Tips for Crowdsourcing Your Responsive Website Design

Sometimes it’s hard to know if your responsive website design is as user-friendly as you think it is. Or maybe you do not yet have a responsive website and would like one but do not know where to find a professional yet cost-effective designer. Or maybe you are a designer and do not have time to work on your uncle’s responsive website.

In any of these situations, the best way to get professional results at a reasonable cost is by crowdsourcing your website design. But, you ask, how do you get crowd responses without having first crowdsourced? The easy answer is that you work through sites that already have a following or leverage your own connections.

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If you’re starting from scratch, you can use sites like to get submissions from designers. Just tell designers what you want and they submit their ideas. You choose your favorite design and pay only for what you want.

The beauty of this process is that you get lots of submissions as opposed to having to engage multiple designers, negotiate, and then hopefully get what you want. DesignCrowd lets you get lots of bids fast.

Once you have a general design idea in place, you can start getting feedback using other tools, such as

Five Second Test

Another helpful crowdsourcing site is called This site is exactly what it sounds like: Users go to the site and are given short, basic instructions (designed by the page designer, not the owners of fivesecondtest). Then, users are shown a visual of a page layout for five seconds.

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After the five seconds are over, they are five a series of very short questions (again, designed by you). These questions will give you feedback about your design, layout, usability as well as likeability, helping you make your site a much more friendly place to navigate, which is, ultimately, what you want. This also helps in that people who take these very short tests are likely to navigate to your page for a closer look (if they like what they saw in their five seconds).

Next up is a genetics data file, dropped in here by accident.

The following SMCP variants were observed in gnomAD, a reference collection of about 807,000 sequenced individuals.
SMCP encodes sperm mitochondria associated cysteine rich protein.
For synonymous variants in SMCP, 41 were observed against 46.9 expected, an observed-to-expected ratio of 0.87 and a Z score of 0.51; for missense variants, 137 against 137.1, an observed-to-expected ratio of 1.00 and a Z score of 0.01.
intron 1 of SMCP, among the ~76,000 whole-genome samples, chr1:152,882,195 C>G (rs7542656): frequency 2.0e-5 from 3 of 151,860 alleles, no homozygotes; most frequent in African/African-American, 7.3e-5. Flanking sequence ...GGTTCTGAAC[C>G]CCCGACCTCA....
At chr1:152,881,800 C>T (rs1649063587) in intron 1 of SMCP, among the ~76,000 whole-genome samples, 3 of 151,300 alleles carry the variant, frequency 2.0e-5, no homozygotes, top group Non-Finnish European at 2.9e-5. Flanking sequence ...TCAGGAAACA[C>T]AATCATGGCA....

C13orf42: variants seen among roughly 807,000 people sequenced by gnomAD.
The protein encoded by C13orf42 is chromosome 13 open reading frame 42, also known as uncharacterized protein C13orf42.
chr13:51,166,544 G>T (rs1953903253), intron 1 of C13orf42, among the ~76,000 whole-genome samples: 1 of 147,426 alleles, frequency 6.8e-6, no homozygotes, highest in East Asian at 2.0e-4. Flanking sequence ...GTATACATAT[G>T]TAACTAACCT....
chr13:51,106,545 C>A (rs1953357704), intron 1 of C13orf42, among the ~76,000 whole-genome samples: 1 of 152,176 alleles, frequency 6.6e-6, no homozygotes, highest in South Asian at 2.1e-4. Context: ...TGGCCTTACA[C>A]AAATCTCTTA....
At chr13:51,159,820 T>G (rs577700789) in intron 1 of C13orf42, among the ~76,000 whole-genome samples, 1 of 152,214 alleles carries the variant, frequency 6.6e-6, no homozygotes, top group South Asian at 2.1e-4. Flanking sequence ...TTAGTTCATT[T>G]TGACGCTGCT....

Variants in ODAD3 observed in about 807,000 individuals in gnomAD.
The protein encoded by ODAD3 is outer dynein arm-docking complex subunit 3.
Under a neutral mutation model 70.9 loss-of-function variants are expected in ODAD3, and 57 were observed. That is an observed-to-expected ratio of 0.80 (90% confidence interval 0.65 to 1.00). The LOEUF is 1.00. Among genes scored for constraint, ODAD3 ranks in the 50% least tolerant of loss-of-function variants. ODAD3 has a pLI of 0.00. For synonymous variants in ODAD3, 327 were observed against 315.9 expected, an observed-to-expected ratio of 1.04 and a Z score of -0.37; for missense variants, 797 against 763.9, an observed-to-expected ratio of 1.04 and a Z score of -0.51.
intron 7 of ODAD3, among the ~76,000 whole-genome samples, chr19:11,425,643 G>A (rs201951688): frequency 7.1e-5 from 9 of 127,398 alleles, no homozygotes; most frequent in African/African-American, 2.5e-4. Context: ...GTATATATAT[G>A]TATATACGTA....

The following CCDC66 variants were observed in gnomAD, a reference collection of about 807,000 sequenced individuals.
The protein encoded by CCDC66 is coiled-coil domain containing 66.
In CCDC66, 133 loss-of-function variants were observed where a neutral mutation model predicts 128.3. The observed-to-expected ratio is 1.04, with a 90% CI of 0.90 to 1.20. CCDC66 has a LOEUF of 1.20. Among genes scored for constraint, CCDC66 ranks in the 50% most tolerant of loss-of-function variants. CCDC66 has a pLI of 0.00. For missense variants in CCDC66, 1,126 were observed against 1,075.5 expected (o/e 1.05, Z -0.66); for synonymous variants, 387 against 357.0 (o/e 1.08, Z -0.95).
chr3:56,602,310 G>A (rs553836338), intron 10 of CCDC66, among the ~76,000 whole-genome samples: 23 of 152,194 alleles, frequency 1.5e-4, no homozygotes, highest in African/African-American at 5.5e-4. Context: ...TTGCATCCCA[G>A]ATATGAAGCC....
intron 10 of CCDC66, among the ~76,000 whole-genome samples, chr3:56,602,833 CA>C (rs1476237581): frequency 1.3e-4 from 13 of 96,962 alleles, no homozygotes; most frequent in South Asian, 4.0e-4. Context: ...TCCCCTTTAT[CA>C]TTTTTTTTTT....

The best part for you is at the end of the five second test. The site gives test takers the option of sharing your test via Twitter or Facebook. This means that you have not only gotten one test taker, but if they really liked what they saw, you may end up with multiple test takers from that one user.

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This gives you incentive to do two things:

  • use sites like this and
  • choose a screen shot that you would like feedback on but that you already like.

The layout of the short tests lends itself to people wanting to do them. Because of their design, the tests become very game-like and a little addictive. People who do them can complete several tests (making several designers very happy) in a matter of a couple of minutes.

Of course, there are limitations to this kind of crowdsourced information. First, users are typically other designers, so your feedback is going to be design-centric – not necessarily what your customers may want. Second, with five seconds of exposure, there’s not a whole lot of detailed feedback you’re going to get.

Social Media Sites

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Another option for getting crowdsourced feedback on a RWD project is to use your social media sites. Facebook, Google+, and LinkedIn all allow you to post long updates with pictures. This can be a powerful source of input from your fans and followers.

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Competitions can get you a lot more engagement simply because your fans are more willing to post if they know they might win a prize. Make sure any prizes you offer are something that your fans and followers actually want and follow up the competition with a quick post congratulating the winner. This shows your fans that you actually award prizes and gives you another reason to talk about your design.


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Don’t forget old-fashioned email campaigns for getting crowdsourced information. Put a version of your RWD site up and send folks an email asking for their input. Email still works and gives you an excellent tool for connecting with your current clients and customers.

When sending out an email asking for input, make sure you tell people how to provide feedback. Ask them to respond to the email or to fill out a form on your site. The point is to be clear.

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Using DesignCrowd, FiveSecondTest, your own social media sites, and email, crowdsourcing your website design should provide plenty of actionable feedback from your ideal crowd. As you refine your designs, don’t be afraid to resubmit your updates. People like to see progress and how their feedback improved something.